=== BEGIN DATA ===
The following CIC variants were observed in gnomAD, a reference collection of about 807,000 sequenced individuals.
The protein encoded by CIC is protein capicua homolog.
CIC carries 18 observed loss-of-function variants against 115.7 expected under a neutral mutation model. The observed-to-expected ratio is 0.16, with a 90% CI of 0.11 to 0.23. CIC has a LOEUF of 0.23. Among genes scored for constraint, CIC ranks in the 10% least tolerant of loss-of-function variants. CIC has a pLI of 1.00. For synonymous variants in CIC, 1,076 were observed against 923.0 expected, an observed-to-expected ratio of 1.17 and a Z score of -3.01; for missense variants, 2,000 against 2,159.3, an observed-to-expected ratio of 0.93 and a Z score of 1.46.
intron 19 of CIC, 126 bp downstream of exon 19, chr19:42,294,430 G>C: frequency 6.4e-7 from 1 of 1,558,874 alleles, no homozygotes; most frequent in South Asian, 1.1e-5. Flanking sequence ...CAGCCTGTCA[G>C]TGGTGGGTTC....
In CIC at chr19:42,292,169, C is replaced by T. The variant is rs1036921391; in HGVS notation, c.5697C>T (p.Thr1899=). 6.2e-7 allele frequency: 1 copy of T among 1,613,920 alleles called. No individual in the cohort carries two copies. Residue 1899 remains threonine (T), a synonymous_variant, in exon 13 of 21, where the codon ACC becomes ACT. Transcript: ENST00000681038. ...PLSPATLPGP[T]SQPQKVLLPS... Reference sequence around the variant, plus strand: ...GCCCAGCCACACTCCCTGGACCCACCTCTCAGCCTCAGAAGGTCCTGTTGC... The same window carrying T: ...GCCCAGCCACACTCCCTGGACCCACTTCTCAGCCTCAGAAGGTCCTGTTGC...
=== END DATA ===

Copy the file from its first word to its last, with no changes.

The following CIC variants were observed in gnomAD, a reference collection of about 807,000 sequenced individuals.
The protein encoded by CIC is protein capicua homolog.
CIC carries 18 observed loss-of-function variants against 115.7 expected under a neutral mutation model. The observed-to-expected ratio is 0.16, with a 90% CI of 0.11 to 0.23. CIC has a LOEUF of 0.23. Among genes scored for constraint, CIC ranks in the 10% least tolerant of loss-of-function variants. CIC has a pLI of 1.00. For synonymous variants in CIC, 1,076 were observed against 923.0 expected, an observed-to-expected ratio of 1.17 and a Z score of -3.01; for missense variants, 2,000 against 2,159.3, an observed-to-expected ratio of 0.93 and a Z score of 1.46.
intron 19 of CIC, 126 bp downstream of exon 19, chr19:42,294,430 G>C: frequency 6.4e-7 from 1 of 1,558,874 alleles, no homozygotes; most frequent in South Asian, 1.1e-5. Flanking sequence ...CAGCCTGTCA[G>C]TGGTGGGTTC....
In CIC at chr19:42,292,169, C is replaced by T. The variant is rs1036921391; in HGVS notation, c.5697C>T (p.Thr1899=). 6.2e-7 allele frequency: 1 copy of T among 1,613,920 alleles called. No individual in the cohort carries two copies. Residue 1899 remains threonine (T), a synonymous_variant, in exon 13 of 21, where the codon ACC becomes ACT. Transcript: ENST00000681038. ...PLSPATLPGP[T]SQPQKVLLPS... Reference sequence around the variant, plus strand: ...GCCCAGCCACACTCCCTGGACCCACCTCTCAGCCTCAGAAGGTCCTGTTGC... The same window carrying T: ...GCCCAGCCACACTCCCTGGACCCACTTCTCAGCCTCAGAAGGTCCTGTTGC...